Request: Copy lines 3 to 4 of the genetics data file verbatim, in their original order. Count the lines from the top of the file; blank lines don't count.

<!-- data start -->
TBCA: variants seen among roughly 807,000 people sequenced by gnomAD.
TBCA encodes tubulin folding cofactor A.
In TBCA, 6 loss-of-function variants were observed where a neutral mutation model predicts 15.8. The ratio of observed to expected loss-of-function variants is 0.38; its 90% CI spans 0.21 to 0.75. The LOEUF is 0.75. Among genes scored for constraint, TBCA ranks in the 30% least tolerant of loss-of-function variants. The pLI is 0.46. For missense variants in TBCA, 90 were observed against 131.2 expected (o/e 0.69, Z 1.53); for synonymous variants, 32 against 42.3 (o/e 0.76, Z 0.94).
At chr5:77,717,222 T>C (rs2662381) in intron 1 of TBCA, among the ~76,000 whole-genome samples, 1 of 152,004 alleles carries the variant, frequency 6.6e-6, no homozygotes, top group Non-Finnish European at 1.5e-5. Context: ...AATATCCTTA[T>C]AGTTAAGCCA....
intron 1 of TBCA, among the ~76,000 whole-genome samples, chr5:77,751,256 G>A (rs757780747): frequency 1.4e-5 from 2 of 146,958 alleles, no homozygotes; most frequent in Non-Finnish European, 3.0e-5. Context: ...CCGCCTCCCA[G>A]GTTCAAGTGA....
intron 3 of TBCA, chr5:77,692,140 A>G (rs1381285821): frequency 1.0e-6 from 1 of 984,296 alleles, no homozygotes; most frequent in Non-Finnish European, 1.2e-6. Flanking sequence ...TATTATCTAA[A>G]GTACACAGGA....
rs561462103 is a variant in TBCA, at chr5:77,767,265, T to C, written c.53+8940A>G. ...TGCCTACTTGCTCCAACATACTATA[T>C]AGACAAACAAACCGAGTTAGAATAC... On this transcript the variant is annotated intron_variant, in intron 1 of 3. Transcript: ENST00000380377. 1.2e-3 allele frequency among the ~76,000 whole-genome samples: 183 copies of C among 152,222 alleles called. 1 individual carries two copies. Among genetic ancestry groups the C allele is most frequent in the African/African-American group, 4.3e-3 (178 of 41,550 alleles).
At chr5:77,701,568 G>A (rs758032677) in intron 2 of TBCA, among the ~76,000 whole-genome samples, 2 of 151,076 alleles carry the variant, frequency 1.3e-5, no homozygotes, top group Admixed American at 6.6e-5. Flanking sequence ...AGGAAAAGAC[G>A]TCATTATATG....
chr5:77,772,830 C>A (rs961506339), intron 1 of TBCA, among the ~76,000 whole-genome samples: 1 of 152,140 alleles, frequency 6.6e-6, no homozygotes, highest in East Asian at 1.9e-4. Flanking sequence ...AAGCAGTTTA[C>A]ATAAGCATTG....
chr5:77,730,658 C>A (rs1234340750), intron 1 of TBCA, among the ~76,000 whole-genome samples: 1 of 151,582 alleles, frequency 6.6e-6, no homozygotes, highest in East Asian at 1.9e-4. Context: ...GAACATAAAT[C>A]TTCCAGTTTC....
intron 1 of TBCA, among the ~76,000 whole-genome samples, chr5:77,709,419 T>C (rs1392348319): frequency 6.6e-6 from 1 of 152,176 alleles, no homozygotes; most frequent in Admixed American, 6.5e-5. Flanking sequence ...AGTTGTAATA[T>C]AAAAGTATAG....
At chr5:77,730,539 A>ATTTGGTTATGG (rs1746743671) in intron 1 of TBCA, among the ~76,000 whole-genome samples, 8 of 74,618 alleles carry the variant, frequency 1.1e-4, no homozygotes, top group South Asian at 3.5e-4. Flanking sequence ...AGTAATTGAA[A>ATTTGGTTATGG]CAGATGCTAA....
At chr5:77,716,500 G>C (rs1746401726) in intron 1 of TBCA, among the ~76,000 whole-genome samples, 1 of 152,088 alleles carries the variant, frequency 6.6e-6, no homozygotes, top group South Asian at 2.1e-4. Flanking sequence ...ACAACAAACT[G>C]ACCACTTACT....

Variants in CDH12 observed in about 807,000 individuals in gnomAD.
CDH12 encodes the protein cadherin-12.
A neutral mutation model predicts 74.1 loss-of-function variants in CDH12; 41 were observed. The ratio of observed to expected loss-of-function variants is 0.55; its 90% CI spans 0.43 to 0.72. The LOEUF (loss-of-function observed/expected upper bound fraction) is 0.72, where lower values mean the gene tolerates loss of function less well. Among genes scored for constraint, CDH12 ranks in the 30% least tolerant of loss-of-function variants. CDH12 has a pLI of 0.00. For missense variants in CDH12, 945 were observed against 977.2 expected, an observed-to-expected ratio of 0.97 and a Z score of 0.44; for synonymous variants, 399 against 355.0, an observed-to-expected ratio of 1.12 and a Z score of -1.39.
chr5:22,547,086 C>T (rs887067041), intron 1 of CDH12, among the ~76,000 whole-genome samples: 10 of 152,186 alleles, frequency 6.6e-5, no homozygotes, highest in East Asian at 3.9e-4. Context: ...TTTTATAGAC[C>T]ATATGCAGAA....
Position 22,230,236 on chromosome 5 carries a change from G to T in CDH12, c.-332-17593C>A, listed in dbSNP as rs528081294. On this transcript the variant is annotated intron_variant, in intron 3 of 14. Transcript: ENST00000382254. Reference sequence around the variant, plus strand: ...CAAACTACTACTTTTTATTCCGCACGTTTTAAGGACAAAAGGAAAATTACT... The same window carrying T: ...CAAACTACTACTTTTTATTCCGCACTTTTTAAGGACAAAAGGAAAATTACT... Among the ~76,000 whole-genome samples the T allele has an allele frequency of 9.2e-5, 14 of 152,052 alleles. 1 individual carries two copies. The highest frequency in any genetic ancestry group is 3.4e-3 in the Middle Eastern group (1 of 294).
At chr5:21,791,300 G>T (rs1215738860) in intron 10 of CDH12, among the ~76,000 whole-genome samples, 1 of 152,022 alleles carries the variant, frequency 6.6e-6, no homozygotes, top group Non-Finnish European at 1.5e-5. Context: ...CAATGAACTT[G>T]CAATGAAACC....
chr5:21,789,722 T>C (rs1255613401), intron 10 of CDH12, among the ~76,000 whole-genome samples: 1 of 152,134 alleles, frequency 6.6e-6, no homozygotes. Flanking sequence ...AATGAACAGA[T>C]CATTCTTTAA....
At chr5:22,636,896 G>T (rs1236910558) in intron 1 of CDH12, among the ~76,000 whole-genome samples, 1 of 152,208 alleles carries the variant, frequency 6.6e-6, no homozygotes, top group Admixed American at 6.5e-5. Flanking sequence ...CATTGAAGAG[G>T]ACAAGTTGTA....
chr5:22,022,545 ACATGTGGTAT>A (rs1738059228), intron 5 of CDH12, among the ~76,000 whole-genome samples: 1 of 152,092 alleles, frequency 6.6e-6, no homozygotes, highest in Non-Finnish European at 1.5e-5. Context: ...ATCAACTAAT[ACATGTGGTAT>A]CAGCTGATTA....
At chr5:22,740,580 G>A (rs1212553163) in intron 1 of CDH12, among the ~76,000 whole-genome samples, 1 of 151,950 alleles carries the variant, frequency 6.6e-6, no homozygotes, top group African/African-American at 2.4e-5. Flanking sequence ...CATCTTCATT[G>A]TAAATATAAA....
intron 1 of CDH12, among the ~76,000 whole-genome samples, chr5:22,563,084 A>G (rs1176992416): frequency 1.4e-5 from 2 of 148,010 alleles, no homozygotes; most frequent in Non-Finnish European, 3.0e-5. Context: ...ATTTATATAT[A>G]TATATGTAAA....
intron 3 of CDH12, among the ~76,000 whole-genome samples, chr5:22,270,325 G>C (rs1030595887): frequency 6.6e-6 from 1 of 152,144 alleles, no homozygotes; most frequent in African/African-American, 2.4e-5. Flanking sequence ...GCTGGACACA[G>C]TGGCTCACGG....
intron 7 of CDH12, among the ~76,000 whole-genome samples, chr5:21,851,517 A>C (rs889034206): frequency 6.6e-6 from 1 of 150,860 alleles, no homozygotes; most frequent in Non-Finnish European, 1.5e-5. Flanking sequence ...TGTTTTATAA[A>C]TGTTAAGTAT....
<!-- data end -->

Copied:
In TBCA, 6 loss-of-function variants were observed where a neutral mutation model predicts 15.8. The ratio of observed to expected loss-of-function variants is 0.38; its 90% CI spans 0.21 to 0.75. The LOEUF is 0.75. Among genes scored for constraint, TBCA ranks in the 30% least tolerant of loss-of-function variants. The pLI is 0.46. For missense variants in TBCA, 90 were observed against 131.2 expected (o/e 0.69, Z 1.53); for synonymous variants, 32 against 42.3 (o/e 0.76, Z 0.94).
At chr5:77,717,222 T>C (rs2662381) in intron 1 of TBCA, among the ~76,000 whole-genome samples, 1 of 152,004 alleles carries the variant, frequency 6.6e-6, no homozygotes, top group Non-Finnish European at 1.5e-5. Context: ...AATATCCTTA[T>C]AGTTAAGCCA....